The Mormon faith historically was steeped in racism and it did not admit black people to its priesthood until 1978, when Romney was 30. Did he take any positive steps to end this discrimination – or did he just pray for it to happen? Does Romney now stand by the Mormon scriptures which describe black skin as a curse from God? [One other historic question: did Romney make any effort to join the Mormons who served in the Vietnam war?]
The role of women in his Church is murky and controversial, but it is clear what constitutes the ideal Mormon woman. She marries a Mormon man, bears him children (future tithe payers), keeps house and does voluntary work in the Church. Women who make different choices in life are considered inferior and may face intrusive personal examinations by the local branch of the Church. If a wife makes it into heaven first class as an appendage to her man she goes on bearing his spirit children into eternity. Does Romney share these concepts of womanhood?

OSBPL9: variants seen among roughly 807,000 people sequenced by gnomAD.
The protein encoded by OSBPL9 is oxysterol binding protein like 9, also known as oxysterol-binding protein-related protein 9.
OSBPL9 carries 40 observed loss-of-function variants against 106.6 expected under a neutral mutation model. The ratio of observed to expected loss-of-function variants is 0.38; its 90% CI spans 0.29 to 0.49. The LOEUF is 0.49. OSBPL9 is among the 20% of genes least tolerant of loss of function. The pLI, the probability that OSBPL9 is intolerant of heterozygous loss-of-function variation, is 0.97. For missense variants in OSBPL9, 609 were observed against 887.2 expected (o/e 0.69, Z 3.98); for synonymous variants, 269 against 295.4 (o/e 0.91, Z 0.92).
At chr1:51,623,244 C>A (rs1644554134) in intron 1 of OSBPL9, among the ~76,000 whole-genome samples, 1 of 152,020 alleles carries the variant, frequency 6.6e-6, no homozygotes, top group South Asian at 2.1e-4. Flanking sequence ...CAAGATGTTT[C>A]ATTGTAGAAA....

Romney’s Church regards gay people as afflicted and in need of support. Does he too? Mormons think that gay people who cannot overcome their same-sex attraction by prayer or counselling or therapy and make a successful opposite-sex marriage should be celibate for their entire lives. Does Romney think this too? [Gay people who have any form of sexual activity, even within a unique and committed relationship, are sinners heading for spirit prison and heaven third class. They should not adopt or raise children. Does Romney believe all this?]